Simple Explanation of Periodontal Disease – What Is It and Why Should I Care?
We dentists and dental professionals seem to want to make periodontal disease more complicated than it really is. Is this part of the reason that patients are not flocking to our doors asking us to please treat their disease? Is there a way to make Periodontal Disease more understandable? How about also making different treatment therapies more understandable while we are at it? Maybe we should create an animated film to review this disease and it’s treatment!
Simply put, periodontal disease means the permanent loss of your jawbone. You cannot have periodontal disease without permanent bone loss. No one wants that! Note here that gum disease or gingivitis is an infection of the gums caused by bacteria. You can have gum disease without having periodontal disease.
So, how do you know if you have bone loss and periodontal disease?
- Bone loss will show up on x-rays. Your dentist should be able to show you exactly where there has been bone loss in your mouth. See x-rays showing bone loss below.
- Bone loss often involves root exposure.
- You may have gum recession where the gums are not in their normal position at the neck of the tooth.
- Your teeth may look longer than they used to because root is exposed.
Periodontal disease is caused by bacteria. There are good and bad bacteria living in everyone’s mouth. It is an infectious disease meaning that you can get the bacteria that cause periodontal disease from someone else. You can also transfer the harmful bacteria form an area of periodontal disease in your own mouth to another, healthy area in your mouth.
Some people are more prone to periodontal disease than others. This is another reason why I think the disease is poorly understood and why the treatment of periodontal disease needs to be customized to you! Gum disease can and does lead to periodontal disease.
After age 30, gum disease and periodontal disease is the major reason for tooth loss. Periodontal disease is the #1 cause of adult tooth loss in the US.
Tell me MORE about periodontal disease and treatment!
Bacteria that cause periodontal disease hang out between your teeth and your gums. A dentist or dental hygienist should measure the depth of this space when you are having any type of periodontal treatment completed. You can keep 3mm or less pockets clean by yourself with routing brushing, flossing and rinsing. If you have pockets that are over 4mm deep there is no way you can get to the bottom of the pockets on a daily basis to remove harmful bacteria and toxins. You will have bacteria living and multiplying and putting toxins in these pockets and this can lead to a chronic gum infection. You may have even noticed occasional bleeding with flossing or a bad taste or odor in odor mouth from these infections. In our office, we have a couple of options to treat periodontal disease and help you preserve your teeth. The objective of periodontal therapy is to reduce the pockets and eliminate infection!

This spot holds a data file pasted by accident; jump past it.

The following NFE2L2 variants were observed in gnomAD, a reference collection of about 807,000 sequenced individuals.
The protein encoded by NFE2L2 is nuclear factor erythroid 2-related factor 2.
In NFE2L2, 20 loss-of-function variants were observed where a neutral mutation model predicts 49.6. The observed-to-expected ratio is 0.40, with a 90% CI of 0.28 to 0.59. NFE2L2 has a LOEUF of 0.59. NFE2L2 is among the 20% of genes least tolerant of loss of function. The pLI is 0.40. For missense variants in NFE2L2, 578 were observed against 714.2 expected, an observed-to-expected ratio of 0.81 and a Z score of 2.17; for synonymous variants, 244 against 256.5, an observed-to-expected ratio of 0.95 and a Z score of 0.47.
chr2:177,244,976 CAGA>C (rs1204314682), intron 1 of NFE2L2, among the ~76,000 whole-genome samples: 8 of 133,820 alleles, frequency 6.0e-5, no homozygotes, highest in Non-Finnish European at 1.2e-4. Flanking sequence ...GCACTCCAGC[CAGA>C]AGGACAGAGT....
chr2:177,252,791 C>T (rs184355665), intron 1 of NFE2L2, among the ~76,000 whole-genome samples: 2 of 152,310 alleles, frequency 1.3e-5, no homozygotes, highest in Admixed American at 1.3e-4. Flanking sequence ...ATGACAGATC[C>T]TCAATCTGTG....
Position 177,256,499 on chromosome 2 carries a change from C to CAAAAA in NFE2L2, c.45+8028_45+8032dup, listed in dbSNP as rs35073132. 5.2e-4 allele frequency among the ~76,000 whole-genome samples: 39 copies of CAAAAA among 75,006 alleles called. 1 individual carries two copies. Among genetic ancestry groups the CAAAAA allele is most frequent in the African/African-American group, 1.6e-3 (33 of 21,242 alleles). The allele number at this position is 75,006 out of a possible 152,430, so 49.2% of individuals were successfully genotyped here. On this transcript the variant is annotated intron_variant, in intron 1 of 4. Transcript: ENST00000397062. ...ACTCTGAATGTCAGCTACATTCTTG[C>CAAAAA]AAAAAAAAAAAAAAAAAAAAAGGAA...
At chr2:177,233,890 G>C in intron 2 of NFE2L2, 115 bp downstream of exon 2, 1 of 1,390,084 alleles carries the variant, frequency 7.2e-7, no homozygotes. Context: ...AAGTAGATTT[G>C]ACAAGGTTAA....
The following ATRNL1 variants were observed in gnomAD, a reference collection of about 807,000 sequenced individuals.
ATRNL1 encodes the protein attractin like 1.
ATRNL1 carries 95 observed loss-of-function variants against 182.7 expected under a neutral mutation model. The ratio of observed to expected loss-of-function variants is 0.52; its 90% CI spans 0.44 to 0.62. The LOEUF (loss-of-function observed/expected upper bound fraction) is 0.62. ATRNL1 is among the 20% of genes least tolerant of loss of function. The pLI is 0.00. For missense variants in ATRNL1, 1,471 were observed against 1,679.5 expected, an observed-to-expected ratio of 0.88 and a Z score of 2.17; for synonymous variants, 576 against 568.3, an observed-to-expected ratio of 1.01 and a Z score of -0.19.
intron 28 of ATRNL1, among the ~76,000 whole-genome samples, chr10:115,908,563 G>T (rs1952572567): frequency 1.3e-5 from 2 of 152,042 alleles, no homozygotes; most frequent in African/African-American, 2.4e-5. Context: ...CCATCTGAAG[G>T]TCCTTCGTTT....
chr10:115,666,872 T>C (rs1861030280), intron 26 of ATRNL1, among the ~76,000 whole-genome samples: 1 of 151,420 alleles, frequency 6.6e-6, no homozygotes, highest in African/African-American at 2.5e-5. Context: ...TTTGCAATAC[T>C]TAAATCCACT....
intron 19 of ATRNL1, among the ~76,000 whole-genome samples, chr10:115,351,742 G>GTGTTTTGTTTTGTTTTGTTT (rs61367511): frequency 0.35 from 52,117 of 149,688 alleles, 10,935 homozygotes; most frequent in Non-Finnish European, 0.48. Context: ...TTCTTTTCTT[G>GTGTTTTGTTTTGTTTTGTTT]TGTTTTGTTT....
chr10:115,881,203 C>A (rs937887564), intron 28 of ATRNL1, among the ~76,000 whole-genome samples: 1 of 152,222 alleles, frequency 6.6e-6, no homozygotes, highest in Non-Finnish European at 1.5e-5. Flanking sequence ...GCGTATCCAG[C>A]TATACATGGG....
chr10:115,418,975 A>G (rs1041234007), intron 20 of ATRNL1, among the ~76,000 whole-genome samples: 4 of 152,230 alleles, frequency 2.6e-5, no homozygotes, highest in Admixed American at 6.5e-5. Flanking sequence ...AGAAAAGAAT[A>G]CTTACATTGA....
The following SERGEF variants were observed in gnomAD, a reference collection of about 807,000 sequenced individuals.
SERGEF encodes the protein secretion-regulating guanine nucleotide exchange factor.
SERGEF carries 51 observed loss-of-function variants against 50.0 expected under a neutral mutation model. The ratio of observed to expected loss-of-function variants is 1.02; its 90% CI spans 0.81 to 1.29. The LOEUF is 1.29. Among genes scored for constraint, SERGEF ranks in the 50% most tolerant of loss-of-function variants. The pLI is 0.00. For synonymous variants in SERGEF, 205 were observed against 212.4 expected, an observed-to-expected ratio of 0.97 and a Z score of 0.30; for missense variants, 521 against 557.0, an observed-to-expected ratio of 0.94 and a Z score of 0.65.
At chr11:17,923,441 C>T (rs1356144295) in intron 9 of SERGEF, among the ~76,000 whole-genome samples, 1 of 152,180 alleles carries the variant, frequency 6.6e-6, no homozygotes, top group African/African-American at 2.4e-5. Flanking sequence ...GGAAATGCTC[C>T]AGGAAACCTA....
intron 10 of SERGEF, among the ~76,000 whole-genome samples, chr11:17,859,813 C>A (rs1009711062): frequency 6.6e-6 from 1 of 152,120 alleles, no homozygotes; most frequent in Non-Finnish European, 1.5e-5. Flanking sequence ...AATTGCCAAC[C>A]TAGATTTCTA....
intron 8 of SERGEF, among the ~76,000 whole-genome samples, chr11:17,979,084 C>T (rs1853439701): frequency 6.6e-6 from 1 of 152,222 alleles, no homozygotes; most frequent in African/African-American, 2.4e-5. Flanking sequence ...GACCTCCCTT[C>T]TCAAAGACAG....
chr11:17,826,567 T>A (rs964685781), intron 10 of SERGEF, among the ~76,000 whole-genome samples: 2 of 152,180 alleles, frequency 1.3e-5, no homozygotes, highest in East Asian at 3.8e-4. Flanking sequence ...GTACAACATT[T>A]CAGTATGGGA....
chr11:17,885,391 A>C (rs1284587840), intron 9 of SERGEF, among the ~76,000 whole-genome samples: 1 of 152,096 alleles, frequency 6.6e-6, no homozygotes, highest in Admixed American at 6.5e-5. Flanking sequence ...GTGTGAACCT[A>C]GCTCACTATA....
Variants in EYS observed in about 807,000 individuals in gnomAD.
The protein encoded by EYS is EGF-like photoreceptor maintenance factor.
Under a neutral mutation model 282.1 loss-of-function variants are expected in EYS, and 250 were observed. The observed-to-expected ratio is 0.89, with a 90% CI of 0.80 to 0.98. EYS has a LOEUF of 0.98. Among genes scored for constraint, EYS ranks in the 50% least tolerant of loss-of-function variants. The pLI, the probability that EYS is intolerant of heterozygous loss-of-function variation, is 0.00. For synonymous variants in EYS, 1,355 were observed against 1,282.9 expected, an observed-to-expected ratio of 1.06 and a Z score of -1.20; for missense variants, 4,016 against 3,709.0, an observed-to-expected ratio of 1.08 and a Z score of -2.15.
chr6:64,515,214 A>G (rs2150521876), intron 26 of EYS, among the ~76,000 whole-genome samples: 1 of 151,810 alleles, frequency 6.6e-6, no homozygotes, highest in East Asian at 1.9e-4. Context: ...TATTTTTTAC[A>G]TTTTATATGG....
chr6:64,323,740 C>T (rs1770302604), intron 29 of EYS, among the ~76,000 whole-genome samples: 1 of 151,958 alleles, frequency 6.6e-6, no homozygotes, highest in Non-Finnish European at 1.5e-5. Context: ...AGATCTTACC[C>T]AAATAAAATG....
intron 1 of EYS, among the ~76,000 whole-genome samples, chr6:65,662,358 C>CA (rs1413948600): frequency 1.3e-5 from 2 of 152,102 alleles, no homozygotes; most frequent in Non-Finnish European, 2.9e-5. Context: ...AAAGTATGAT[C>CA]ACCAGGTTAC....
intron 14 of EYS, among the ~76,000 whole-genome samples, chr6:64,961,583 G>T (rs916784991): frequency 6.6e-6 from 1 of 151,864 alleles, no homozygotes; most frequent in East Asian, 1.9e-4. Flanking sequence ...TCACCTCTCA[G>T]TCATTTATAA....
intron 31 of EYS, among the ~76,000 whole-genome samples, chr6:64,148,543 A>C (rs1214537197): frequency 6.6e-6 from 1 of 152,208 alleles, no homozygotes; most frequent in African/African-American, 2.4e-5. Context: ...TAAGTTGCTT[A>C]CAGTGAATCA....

Please see our office’s blog titled, “What Are My Options For Treating Periodontal Disease?”
The pocket area around every one of your teeth adds up to an area the size of your palm. If you had a sore this big on your arm, would you be concerned? I think you would! If there were a chance of losing part of your arm, would you treat this? Infected gums can be the entry point for bacteria to travel to other parts of your body and this leads to
- Increased risk of heart attack or stroke
- Increased difficulty controlling diabetes
- Pregnant women with severe gum disease are more likely to deliver a pre-term low-birth weight baby.
- Because periodontal disease is transmissible, your spouse may be sharing aggressive bacteria with you
Our office cares about you and your periodontal health. We would like you to be as informed as possible about Periodontal Disease and your options to treat it! We are continuing to improve our methods of periodontal therapy for our patients so that is more comfortable and more predictable.
Yours for better dental health, and improved knowledge about the very common periodontal disease,
Julie Gillis, DDS
Restoring Teeth/Restoring Smiles